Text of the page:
You’ve received a job offer for the job of your dreams but it’s lower than you expected—what do you do now? You’ve invested a lot of time and energy to reach this point but it isn’t over yet.
Before you enthusiastically accept the offer on the spot, consider this. Almost three-quarters of U.S. employers would be willing to negotiate salary on an initial job offer. Yet, less than half the U.S. workers ask for a higher salary when offered a new position, according to a recent CareerBuilder study.
Sadly, this means money is being left on the table. By not attempting to negotiate, you’ll miss the best opportunity to bring home more money. But what if the offer is unacceptable to you? If this really is a dream job, or just a job you really want, consider moving into the negotiation phase by making a counter proposal (otherwise known as a counter offer) to the employer. That’s what this article is all about.
It lays out the key salary negotiation strategies to keep in mind so you’re armed with the information you need to negotiate. You’ll learn what to do before, during and after salary negotiations. It also covers one key tool—the salary counter proposal letter, or counter offer letter—as a way to negotiate more desirable terms for the job offer.
Before Salary Negotiation
Do your research.
Make sure you thoroughly evaluate the job’s salary range, taking into consideration geographic, economic, industry, and company-specific factors that might affect the salary.
But don’t stop there—try to obtain information on the employer’s standard benefits package and policies around paid time off, flexible or remote work, or other elements of the job that are important to you. Keep in mind, you can negotiate more than just salary—more on that soon.
You need to have a job offer before you can negotiate.
Avoid trying to negotiate during the interview. You’ll have more power to negotiate when the employer is completely sold on you as the best candidate for the position.
If you must provide a salary, ask what range the employer has budgeted first. If the employer continues to push you for a salary, the best strategy is to provide a range.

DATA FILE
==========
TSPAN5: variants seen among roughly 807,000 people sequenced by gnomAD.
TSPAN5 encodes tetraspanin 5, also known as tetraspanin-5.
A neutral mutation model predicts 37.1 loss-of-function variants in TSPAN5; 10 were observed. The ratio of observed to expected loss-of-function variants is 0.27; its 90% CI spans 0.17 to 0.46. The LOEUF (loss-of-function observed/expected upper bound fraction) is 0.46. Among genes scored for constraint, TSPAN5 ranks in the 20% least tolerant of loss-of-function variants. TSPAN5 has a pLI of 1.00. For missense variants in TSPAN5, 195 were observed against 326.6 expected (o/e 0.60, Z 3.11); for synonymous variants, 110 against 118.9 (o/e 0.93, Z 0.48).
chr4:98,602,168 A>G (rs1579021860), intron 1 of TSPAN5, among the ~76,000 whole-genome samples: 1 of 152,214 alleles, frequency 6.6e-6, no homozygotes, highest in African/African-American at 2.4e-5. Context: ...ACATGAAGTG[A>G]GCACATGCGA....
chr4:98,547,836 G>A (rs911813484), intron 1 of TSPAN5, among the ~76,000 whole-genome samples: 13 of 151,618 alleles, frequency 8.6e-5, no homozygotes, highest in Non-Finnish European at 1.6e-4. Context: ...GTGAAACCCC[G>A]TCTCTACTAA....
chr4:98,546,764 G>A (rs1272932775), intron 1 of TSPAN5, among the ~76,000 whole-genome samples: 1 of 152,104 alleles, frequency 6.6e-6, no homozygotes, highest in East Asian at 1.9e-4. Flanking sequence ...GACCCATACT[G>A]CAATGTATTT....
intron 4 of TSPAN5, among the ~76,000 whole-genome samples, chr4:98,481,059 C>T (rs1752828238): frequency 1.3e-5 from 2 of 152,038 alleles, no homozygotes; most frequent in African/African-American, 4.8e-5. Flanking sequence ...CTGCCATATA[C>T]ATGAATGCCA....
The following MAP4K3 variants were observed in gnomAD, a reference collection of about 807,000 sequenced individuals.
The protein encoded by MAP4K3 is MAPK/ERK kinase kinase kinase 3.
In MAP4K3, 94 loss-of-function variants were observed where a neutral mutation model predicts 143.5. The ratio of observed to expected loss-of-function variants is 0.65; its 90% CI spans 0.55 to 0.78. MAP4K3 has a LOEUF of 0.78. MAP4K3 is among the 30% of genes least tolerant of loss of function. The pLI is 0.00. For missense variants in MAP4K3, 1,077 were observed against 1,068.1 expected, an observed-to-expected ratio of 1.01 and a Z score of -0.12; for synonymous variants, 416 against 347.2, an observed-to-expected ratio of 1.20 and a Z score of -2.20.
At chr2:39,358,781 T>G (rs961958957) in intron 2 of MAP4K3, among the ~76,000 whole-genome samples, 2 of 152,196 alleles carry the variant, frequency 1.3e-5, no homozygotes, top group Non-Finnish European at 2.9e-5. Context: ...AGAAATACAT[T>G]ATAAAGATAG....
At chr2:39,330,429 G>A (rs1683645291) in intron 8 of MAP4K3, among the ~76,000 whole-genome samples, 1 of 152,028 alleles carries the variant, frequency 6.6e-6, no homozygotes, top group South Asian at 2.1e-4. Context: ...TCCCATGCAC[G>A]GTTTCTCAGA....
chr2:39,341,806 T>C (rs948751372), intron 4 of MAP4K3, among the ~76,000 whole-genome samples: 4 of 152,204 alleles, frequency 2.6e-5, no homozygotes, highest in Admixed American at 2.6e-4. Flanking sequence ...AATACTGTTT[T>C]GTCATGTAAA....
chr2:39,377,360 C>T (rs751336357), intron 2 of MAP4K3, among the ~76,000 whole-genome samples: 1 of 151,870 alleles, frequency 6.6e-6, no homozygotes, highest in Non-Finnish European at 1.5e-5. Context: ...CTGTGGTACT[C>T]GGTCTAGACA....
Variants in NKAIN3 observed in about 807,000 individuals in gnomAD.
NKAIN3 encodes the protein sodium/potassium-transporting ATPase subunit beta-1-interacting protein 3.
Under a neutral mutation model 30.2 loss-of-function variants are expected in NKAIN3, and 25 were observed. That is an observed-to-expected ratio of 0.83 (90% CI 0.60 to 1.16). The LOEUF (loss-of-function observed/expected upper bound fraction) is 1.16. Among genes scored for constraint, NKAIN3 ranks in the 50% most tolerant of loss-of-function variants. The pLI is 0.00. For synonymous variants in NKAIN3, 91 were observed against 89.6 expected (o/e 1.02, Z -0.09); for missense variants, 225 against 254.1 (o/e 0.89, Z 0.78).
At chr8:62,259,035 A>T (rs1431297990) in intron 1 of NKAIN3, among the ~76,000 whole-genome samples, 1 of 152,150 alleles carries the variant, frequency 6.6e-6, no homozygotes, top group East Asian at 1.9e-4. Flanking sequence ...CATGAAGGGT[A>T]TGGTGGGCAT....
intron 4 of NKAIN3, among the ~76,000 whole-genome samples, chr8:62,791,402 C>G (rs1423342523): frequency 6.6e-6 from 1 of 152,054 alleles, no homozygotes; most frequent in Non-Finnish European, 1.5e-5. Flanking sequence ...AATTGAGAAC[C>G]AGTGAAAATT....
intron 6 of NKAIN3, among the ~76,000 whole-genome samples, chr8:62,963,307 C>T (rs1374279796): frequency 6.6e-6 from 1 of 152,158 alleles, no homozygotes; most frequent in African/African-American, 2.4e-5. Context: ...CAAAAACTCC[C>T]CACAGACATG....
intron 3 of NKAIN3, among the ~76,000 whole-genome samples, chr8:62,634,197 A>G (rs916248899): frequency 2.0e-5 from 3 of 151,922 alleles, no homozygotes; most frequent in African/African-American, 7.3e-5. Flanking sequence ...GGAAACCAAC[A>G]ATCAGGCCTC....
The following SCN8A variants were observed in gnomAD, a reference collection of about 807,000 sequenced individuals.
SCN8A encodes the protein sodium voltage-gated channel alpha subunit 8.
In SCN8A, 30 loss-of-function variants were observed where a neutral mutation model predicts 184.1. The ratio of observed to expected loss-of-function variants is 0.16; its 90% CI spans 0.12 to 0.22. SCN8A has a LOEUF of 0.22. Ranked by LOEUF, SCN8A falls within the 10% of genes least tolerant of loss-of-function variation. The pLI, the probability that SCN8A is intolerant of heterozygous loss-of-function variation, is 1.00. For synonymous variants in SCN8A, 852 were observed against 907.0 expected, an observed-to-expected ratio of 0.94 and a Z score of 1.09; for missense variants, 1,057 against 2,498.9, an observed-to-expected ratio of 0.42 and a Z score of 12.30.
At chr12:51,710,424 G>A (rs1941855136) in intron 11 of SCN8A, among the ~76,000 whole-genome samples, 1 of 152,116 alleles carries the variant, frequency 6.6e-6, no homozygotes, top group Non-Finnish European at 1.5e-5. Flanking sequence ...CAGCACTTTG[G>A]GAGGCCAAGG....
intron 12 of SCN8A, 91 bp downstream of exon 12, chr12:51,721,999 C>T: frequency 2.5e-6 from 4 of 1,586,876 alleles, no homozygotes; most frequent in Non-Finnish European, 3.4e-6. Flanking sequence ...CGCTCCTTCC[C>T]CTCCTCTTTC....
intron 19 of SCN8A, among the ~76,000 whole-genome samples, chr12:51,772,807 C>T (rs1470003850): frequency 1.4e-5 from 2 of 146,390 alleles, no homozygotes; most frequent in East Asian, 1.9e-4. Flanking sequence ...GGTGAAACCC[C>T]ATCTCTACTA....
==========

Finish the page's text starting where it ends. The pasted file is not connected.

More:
What to do when the offer is extended?
When the offer is extended, respond by thanking the interviewer and be sure to express your interest in the job. Then ask how long you have to consider the offer and who to contact when you’ve made a decision. This is a major life decision which requires careful consideration.
Remember, you have the greatest negotiation power between the time the employer makes the original offer and the time you accept the final offer. Once you accept an offer, you have little to no room to negotiate.
Negotiate to your strength.
If you are an experienced negotiator, call the employer and ask for a follow-up meeting to discuss a counter proposal. If you communicate better in writing, follow our guidelines for writing a salary counter proposal letter, or counter offer letter (below).
During Salary Negotiation
Enter negotiations with a win-win attitude.
Remind the employer of the impact you will make, the problems you will solve, and/or the revenue you will generate.
You want a better deal, but the employer also needs to feel as though they got a good deal too.
Continue to express interest and enthusiasm for the job and the company.
Never make demands. Instead, raise questions and make requests during negotiations. Keep the tone conversational, not confrontational.
Begin by asking for a slightly higher salary.
Ask for a slightly higher salary than you’re are willing to accept so that when the employer counters your proposal, the salary should be near your ideal goal.
Justify your request by talking about the cost savings or increased sales revenue, productivity, or efficiencies you will add.
Salary isn’t the only way to increase your earnings.
Consider negotiating for a signing bonus, higher performance bonuses, or a shorter time frame for a performance review and raise.
Always negotiate salary first, and then move on to other elements of the job offer you want to negotiate. Don’t get greedy. If the salary negotiated is what you asked for, you may not push as hard trying to negotiate for other terms.
Be prepared for a variety of reactions.
You must prepare yourself for a variety of potential reactions to your counter proposal or counter offer letter. Get prepped for everything from complete acceptance to agreeing to some concessions to refusal to negotiate.
Be willing to walk away.
Don’t accept an offer you know doesn’t meet your requirements, unless, however, you really need or want the job. If this is the case, you’ll need to be more careful in your negotiations.